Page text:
Hyssop: This botanical induces a healing fever. It is a gentle remedy, better for use on children and older people.
Iceland Moss: This botanical is very mucilagenous, making it soothing, very nutritious and is useful in digestive disorders.
Liquorice: The rhizomes on the root are used. It can also be used to just provide a natural sweetness, to make a remedy more palatable. It is anti-inflammatory, with a high mucilagenous content, it also contains saponins and glycerizine - extremely sweet, more so than sugar.
Lobelia: Now a schedule 3 category herb. A favoured herb of the Physiomedicalists, and often misleadingly referred to as "Indian Tobacco", however the foliage of this botanical should be neither chewed nor smoked as it is highly acrid, nauseating and toxic. A tonic can be made, due to the nauseating effect, it is used to get the phelgm out of system. The syrup smells like treacle.
Marshmallow: The root and leaf are used. The root more so for the digestive tract, and the leaf for the respiratory tract - however they can be used interchangeably. This botanical has a high mucilage content, which is soothing and is used to calm the cough reflex, especially if dry and tickly. The root has the higher mucilage content, seen as carbohydrate stores.
Mullein: Otherwise known as Candlewort. This botanical has an interesting array of constituents. It has very stickt apial parts, the flower and leaf are used. Historically Mullein has been used to cure "glue ear" in children - droplets of warm Mullein oil (made from the flowers) are used in the ear. The leaf is also used in cough medicine mixtures.
Pleurisy Root: Otherwise known as Butterfly Weed. Smells like cherry liqueur. It is a remedy for dampy conditions in the respiratory tract. Good for persistant coughs.
Wild Black Cherry Bark: The bark is used. It has an expactory effect - it makes you cough.
Herbs for Colds
Elderflower and Boneset otherwise known as "Feverwort": As soon as you feel you are coming down with a cold, drink either of these two botanicals as an infusion, they're dieurpheretics, and encourage perspiration through vasodilation, this is detoxifying and the root of elimination.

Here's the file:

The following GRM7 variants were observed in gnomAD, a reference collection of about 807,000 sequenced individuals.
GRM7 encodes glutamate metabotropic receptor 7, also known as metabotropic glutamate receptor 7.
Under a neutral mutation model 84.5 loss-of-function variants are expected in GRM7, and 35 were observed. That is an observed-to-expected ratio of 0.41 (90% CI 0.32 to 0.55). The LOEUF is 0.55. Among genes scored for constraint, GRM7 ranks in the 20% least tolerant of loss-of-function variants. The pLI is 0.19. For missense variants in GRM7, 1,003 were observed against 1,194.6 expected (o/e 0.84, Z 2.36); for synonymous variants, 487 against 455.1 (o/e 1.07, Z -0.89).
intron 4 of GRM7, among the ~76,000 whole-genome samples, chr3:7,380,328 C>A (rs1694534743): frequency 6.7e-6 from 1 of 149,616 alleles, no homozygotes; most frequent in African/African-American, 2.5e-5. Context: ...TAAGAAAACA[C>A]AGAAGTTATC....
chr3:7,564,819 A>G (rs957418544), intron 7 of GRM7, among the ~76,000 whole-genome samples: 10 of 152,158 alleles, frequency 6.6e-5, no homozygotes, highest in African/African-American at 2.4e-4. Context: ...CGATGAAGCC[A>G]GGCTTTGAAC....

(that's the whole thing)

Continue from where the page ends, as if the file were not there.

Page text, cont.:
Essential Oil Inhalants for Colds
Eucalyptus, Pine - these botanicals are often found together with mentol i.e. Vix Vapor Rub, and Thyme - is both aromatic and antiseptic, all act as decongestants.
Yarrow and Peppermint are useful as admixtures.
Herbs to Warm
The following botanicals are used to create a "fire in the belly", to impart warmth to the body, which is the root of good herbal practise.
Ginger: The rhizomes on the roots are used.
Angelica: The root and stem are used. This botanical is the softest of the "warming herbs", it is good for digestive issues.
Cayenne Pepper: Only use 1-3 droplets of tinctured extract. This is a schedule 3 category botanical, not because its poisonous but because of the extremes it can cause. This is the fieriest of the "warming herbs".
Essence of Cinnamon: An aromatic blend of winter warming botanicals - Cinnamon leaf oil is they key ingredient used.
Mustard Seed Powders: Good for foot baths.
Many more botanicals can be used as "warming herbs", e.g. Black pepper.
Three Winter Tonics
Rosehips: Very high in vitamin C.
Echinacea: The root is used.
Sea Buckthorn: The berry is very high in vitamin C.
There are many other herbs that can be used against winter illnesses, and clearly, only a few have been mentioned here... but hopefully, you gained an idea, as I certainly did.
This was only one-half of our class on Tuesday, for the second half of the day Jacqui Pestell, botanic illustrator, arrived to give us a brief tutorial on how to sketch botanicals. With relative ease Jacqui demonstrated how to sketch a piece of ivy, the rules seem to be...
1. Anchor your arm, find a comfortable position, but allow full movement through the wrist. Constant changes of arm position will alter the picture considerably.
2. Position your botanical so you can see the most of it... the stems, the leaves from the front and back, the joins
3. Use a ruler to help with the positioning of the botanicals, how long the main stems are, and the positioning of the leaves.
4. If you have a considerable amount of time with the one botanical then you can tell a story with the botanical, draw the full view, the flowers, the side view, a cut-through section and if possible the seeds. If just drawing in pencil or ink, use shading to help but also note down colours and any major points on the botanical.
There was a considerable amount of hysterical laughter, sighs and frustration as we all sketched our botanicals. It requires an amazing amount of patience... we all decided that, by the end of the class, we were never going to forget our cameras again!